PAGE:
Determining the exact age of the tree has proven to be rather difficult. There is speculation that the tree dates back to the 1850’s. Didi and Roger help explain:
“My look into it for photographic evidence only went back to the 70’s, where I could distinguish that tree in a landscape, and that was at the beginning of the arts facility being in our historic house museum. However, there has been discussions that it could be as old or potentially as close to as old as the house, but we really won’t know until it has fallen and with the hopes that the rings will be distinguishable,” said Didi
Roger elaborates, “As long as I have been witnessing the tree, since 1980, it’s been in a similar size and form with the fluted trunk. So when I first began to observe the tree and be a part of the local government, it was regarded even then as a significant tree.”
The decision to remove the tree was not altogether unexpected.
“I’ve been in place as the supervisor for a year and a half now. At the time, Roger came over, very early on and told me that several arborists had been looking at it and that it looked like it was entering the end of its life cycle and I had thought maybe 3 years, but it’s accelerated. And it’s based on a number of dead, large dead branches, that for me as a facility with a lot of people and youth has become hazardous period,” Didi said.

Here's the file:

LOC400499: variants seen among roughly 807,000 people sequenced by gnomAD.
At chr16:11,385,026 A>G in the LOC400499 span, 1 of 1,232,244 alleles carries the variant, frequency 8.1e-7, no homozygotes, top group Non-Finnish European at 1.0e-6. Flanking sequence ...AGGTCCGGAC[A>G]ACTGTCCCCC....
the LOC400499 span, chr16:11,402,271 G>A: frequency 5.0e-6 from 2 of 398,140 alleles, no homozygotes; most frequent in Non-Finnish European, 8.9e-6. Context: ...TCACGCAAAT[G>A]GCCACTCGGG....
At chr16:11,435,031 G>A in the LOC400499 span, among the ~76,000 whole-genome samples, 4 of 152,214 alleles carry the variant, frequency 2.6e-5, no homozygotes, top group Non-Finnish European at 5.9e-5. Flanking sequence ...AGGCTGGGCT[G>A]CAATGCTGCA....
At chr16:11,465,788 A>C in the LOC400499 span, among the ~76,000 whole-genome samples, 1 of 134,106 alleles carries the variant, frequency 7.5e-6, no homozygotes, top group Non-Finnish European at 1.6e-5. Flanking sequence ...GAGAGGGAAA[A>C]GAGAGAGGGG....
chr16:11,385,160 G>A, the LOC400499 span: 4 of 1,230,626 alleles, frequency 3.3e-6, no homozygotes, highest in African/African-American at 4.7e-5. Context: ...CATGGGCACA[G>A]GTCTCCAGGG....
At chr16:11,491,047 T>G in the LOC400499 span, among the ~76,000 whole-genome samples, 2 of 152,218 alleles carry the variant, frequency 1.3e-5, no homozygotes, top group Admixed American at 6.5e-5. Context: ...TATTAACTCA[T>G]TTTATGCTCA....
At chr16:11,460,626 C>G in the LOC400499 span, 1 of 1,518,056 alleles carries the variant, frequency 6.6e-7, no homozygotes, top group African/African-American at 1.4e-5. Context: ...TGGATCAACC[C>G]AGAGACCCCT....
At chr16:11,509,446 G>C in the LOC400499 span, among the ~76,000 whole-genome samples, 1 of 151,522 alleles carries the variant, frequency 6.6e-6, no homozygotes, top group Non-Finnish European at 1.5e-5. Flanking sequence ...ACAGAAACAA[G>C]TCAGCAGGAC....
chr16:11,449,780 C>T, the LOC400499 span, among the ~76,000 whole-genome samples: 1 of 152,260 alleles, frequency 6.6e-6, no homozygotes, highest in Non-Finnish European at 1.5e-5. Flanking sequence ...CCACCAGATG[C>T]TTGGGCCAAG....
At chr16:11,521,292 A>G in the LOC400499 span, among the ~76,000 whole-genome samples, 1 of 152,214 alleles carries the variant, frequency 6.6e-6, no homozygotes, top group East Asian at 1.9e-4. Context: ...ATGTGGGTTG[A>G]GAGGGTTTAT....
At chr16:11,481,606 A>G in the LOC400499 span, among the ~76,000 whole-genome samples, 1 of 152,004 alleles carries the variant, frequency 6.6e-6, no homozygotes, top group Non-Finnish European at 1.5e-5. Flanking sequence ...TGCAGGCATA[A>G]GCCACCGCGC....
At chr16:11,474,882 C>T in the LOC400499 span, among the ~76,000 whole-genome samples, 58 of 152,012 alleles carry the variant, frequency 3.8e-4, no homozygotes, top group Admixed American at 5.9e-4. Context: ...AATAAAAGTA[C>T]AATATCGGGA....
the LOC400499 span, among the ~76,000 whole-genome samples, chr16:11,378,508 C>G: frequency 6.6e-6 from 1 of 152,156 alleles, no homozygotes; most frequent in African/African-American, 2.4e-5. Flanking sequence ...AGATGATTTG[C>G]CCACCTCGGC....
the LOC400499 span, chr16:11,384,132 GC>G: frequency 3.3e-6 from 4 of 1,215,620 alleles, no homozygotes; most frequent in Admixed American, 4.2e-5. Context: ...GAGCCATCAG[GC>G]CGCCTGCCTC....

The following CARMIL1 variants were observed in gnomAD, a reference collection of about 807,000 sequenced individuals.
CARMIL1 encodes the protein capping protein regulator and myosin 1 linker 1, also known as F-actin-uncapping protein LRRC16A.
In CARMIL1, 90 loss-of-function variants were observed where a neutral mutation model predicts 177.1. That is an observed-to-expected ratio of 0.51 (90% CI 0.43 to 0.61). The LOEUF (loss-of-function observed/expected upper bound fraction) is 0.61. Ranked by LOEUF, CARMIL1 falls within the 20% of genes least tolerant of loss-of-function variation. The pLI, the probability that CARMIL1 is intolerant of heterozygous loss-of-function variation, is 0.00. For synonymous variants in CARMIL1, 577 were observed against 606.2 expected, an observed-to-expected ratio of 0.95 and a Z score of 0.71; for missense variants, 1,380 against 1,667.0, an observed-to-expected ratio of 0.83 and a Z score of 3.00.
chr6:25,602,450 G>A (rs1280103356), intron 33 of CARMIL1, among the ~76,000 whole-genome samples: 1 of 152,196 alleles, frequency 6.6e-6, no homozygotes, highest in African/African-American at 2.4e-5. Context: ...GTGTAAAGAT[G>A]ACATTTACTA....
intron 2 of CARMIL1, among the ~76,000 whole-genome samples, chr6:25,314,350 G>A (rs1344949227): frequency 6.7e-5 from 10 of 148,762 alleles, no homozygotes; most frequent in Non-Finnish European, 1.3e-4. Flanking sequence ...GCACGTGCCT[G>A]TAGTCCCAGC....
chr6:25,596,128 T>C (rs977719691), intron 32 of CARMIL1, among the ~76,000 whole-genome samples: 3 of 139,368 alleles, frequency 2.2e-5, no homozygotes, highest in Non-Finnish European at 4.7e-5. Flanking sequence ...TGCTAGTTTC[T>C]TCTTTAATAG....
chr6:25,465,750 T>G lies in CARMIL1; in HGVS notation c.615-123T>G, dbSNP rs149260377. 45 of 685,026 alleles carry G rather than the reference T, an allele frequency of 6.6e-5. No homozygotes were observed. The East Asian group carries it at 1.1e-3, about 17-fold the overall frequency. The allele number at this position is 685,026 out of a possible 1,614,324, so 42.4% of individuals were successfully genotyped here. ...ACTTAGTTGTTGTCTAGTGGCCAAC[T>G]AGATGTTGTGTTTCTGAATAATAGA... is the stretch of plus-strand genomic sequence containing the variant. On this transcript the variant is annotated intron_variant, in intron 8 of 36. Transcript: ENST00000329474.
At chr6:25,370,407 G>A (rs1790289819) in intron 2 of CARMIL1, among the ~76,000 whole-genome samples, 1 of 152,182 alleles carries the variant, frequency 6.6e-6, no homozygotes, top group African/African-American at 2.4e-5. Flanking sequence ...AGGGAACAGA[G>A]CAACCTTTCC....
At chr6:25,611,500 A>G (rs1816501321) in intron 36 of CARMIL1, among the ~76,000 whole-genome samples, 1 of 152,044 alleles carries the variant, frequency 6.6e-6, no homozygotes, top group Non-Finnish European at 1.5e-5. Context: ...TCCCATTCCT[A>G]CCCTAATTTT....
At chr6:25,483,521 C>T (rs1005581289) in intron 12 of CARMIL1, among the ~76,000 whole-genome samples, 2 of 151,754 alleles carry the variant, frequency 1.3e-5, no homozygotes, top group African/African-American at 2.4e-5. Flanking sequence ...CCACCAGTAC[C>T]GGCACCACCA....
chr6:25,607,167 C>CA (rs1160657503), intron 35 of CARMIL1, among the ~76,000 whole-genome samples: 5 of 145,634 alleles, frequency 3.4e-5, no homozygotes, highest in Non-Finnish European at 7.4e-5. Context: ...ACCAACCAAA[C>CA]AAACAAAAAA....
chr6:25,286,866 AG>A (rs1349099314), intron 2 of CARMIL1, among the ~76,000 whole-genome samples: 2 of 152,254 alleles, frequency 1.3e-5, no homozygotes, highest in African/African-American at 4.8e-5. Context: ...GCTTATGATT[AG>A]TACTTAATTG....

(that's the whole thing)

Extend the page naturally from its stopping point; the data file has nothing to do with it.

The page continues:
Mitigation efforts had been made for many years to preserve the life of the tree.
“It’s been mulched with organic mulch for a very long time now. It has a lightning rod system that has been maintained and restored every several years for quite some time. It has over 20 support cables in the scaffold limbs of the tree to reduce the risk that limbs would break away and fall out and disfigure the tree – that are all a part of its whole integrity now,” Roger said.